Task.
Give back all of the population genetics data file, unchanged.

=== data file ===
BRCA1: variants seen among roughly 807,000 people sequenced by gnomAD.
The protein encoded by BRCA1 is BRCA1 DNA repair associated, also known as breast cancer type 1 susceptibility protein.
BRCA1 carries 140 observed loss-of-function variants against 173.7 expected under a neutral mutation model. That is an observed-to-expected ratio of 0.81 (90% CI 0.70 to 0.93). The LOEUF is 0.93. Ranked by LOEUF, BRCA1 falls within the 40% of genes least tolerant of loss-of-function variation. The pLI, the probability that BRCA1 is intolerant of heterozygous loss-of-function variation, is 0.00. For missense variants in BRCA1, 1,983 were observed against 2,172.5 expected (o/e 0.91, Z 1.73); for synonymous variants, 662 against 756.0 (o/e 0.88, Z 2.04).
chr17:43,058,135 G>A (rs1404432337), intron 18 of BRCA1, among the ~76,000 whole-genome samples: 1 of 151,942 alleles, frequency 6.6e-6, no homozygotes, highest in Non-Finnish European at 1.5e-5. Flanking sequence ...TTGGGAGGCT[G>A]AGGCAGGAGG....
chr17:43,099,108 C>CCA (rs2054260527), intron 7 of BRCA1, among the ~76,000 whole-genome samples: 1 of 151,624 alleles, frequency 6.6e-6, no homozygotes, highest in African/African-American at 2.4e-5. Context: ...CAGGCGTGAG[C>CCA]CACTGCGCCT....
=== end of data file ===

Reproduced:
BRCA1: variants seen among roughly 807,000 people sequenced by gnomAD.
The protein encoded by BRCA1 is BRCA1 DNA repair associated, also known as breast cancer type 1 susceptibility protein.
BRCA1 carries 140 observed loss-of-function variants against 173.7 expected under a neutral mutation model. That is an observed-to-expected ratio of 0.81 (90% CI 0.70 to 0.93). The LOEUF is 0.93. Ranked by LOEUF, BRCA1 falls within the 40% of genes least tolerant of loss-of-function variation. The pLI, the probability that BRCA1 is intolerant of heterozygous loss-of-function variation, is 0.00. For missense variants in BRCA1, 1,983 were observed against 2,172.5 expected (o/e 0.91, Z 1.73); for synonymous variants, 662 against 756.0 (o/e 0.88, Z 2.04).
chr17:43,058,135 G>A (rs1404432337), intron 18 of BRCA1, among the ~76,000 whole-genome samples: 1 of 151,942 alleles, frequency 6.6e-6, no homozygotes, highest in Non-Finnish European at 1.5e-5. Flanking sequence ...TTGGGAGGCT[G>A]AGGCAGGAGG....
chr17:43,099,108 C>CCA (rs2054260527), intron 7 of BRCA1, among the ~76,000 whole-genome samples: 1 of 151,624 alleles, frequency 6.6e-6, no homozygotes, highest in African/African-American at 2.4e-5. Context: ...CAGGCGTGAG[C>CCA]CACTGCGCCT....